All the very best,
CS
 
0

Share this post


Link to post
Share on other sites

I think minimax won't help you at all here. Monte Carlo methods, however, should do the job nicely.

 

The first thing you need to have is a probabilistic model of how players make decisions that can be evaluated very fast. It doesn't have to be perfect; you can actually start with something that assigns equal probabilities to all the choices available, and then make obviously bad moves much less likely and obviously good ones much more likely. Always normalize the probabilities to make sure they add up to 1.

 

Armed with this fast probabilistic model, you proceed to run simulations as follows:

 (1) Create a random permutation of cards that matches the cards you have seen so far.

 (2) Replay the hand from the beginning up to the current point. Multiply the probabilities of all the decisions the players have made (use the fast probabilistic model for this). The resulting number is called the likelihood of the observed decisions given the card permutation from (1).

 (3) Now play a hypothetical move, among the moves you are considering (we'll discuss how to pick this move later, but for now think of it as a random move).

 (4) Play the hand to the end, using the fast probabilistic model for all future decisions.

 

Accumulate statistics of how often you win or lose with each move selected at (3). Some simulations are more relevant than others: Use the likelihood computed in (2) as the weight of the simulation.

 

After you have played a number of simulations, you'll have a pretty good idea of what moves are promising and which ones aren't, and evaluating the bad moves many times over is just a waste of time. So when you get to (3) you want to give the strong moves a larger probability of being picked. There is a theoretical construct that is very close to this situation, called a multi-arm bandit, and the theory developed for those can be useful. In particular, there is a policy called UCB1 that is described in an early paper about the computer go program MoGo, which consists of picking always the move that maximizes a formula that goes something like this (from memory):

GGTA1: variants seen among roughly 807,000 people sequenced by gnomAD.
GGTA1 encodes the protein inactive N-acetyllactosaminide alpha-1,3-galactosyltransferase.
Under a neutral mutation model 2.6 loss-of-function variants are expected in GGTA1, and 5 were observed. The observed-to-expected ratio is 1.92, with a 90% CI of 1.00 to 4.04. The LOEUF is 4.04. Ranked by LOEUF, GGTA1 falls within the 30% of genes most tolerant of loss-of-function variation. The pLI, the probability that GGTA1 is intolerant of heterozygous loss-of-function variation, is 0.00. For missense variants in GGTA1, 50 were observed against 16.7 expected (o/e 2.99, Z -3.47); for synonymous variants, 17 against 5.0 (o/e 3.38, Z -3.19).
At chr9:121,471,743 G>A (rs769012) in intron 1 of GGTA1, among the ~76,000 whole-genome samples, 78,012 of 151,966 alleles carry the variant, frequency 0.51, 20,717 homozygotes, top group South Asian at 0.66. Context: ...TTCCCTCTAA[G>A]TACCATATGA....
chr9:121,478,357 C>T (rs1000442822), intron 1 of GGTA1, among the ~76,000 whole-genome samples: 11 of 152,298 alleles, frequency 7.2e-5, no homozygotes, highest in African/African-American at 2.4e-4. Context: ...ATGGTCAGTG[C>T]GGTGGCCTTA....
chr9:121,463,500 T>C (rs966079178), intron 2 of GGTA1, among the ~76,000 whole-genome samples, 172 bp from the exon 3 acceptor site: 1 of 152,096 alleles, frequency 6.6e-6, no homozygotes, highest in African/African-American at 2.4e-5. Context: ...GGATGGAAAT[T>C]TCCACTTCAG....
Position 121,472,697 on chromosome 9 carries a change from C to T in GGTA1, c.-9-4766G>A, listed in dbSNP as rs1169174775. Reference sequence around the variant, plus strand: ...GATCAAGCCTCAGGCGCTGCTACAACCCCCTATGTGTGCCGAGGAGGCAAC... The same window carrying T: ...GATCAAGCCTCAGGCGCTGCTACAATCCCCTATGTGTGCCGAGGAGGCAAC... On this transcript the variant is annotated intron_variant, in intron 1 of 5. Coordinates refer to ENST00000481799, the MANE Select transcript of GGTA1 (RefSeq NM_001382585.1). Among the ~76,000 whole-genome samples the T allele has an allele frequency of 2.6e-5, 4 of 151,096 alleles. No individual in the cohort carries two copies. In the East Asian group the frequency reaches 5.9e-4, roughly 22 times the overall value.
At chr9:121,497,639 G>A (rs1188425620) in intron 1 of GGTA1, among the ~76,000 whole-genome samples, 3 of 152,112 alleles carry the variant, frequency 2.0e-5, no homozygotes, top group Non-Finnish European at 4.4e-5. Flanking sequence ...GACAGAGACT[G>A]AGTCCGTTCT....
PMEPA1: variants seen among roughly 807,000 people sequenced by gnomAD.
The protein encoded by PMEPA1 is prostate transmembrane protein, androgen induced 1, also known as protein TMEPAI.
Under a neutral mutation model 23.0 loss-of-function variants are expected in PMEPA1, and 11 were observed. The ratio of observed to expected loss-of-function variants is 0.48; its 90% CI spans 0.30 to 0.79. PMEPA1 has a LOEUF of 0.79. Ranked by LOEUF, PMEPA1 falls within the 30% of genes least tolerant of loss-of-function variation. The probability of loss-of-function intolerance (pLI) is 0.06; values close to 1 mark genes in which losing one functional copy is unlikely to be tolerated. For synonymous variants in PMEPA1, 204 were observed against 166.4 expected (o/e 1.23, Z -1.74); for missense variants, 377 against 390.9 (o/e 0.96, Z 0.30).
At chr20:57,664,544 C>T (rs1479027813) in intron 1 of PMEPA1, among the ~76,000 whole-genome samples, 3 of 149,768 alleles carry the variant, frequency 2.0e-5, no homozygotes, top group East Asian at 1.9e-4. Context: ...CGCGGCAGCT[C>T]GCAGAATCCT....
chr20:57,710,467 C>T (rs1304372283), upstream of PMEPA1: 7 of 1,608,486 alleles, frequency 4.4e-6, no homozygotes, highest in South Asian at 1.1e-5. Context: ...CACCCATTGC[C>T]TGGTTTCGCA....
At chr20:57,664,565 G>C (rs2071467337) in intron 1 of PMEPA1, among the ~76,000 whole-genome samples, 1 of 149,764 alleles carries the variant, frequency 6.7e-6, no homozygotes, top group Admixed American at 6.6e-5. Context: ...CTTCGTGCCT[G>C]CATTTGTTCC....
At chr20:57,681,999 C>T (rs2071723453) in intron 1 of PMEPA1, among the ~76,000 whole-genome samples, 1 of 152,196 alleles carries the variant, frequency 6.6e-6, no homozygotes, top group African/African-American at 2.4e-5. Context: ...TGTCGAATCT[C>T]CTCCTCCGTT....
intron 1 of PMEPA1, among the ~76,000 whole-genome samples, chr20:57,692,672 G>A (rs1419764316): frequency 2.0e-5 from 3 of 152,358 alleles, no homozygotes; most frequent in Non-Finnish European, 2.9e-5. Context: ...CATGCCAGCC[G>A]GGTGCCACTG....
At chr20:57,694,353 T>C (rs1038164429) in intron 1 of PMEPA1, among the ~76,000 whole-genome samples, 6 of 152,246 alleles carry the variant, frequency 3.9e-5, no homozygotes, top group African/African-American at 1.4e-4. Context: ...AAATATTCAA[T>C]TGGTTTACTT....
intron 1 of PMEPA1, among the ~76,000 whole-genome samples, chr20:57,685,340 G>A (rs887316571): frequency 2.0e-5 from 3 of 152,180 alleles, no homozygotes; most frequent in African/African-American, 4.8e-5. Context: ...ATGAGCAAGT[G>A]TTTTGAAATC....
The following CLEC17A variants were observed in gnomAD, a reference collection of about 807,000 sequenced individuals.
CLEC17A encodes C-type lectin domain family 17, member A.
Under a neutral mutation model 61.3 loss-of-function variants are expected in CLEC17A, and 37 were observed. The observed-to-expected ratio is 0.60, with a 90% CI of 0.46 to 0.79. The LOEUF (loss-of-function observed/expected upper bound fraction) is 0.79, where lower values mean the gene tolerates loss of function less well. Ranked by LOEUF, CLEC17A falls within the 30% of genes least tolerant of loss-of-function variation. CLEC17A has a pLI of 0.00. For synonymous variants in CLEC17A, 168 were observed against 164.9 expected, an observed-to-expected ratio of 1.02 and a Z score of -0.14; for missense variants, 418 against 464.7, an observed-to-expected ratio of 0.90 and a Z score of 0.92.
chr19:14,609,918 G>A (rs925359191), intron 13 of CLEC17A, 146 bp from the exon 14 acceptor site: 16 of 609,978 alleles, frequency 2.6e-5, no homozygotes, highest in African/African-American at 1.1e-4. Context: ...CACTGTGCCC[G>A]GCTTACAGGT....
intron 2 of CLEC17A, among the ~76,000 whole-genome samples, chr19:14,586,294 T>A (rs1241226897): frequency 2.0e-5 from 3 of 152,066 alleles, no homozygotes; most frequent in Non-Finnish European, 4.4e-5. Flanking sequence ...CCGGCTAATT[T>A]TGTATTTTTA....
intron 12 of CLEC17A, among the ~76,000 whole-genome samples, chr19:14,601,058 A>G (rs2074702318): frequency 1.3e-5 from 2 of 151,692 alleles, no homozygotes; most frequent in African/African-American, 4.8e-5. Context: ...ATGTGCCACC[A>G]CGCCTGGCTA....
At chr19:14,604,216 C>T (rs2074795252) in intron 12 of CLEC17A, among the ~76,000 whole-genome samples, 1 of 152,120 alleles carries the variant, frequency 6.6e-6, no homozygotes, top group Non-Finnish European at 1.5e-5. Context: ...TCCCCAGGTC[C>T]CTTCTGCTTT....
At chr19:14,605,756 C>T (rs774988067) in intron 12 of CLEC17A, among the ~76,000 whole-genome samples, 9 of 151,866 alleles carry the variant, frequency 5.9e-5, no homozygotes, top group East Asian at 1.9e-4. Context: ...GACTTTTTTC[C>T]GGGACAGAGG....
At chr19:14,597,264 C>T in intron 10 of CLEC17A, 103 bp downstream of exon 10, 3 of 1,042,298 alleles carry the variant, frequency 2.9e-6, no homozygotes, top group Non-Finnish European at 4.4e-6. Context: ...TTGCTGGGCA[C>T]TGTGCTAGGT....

expected_reward[i] + (1/sqrt(number_of_simulations[i])) * log(1+total_number_of_simulations) * some_constant

 

 

So you need to keep track of how many simulations have been played for each move and also the total number of simulations. I think you should "count" these simulations weighted by the likelihood, so you are actually using the sum of the likelihoods of the simulations instead of the count.

 

When you run out of time, you can play the move with the highest expected reward, or the move that was tried the most times in your simulations. Or you may want to take a little more time for this move if these two criteria don't agree.

 

That should be enough to get you started. As you certainly know if you have programmed AI for board games before, there are many decisions to be made as you build your program. For instance, it might be better to generate card permutations in (1) using some version of importance sampling, because for some games the average likelihood of a random card permutation might be very very low. Or you may want to reuse the situation from (1) to evaluate several moves...

 

Do you have a particular card game in mind?

Edited by Álvaro
2

Share this post


Link to post
Share on other sites

That article is quite good.  Are there similar online resources that could be recommended?  Perhaps approaching a different problem - board game, other card games, etc.?  Just trying to get a good grasp of the topic.

0

Share this post


Link to post
Share on other sites

Create an account or sign in to comment

You need to be a member in order to leave a comment

Create an account

Sign up for a new account in our community. It's easy!


Register a new account

Sign in

Already have an account? Sign in here.


Sign In Now
Sign in to follow this  
Followers 0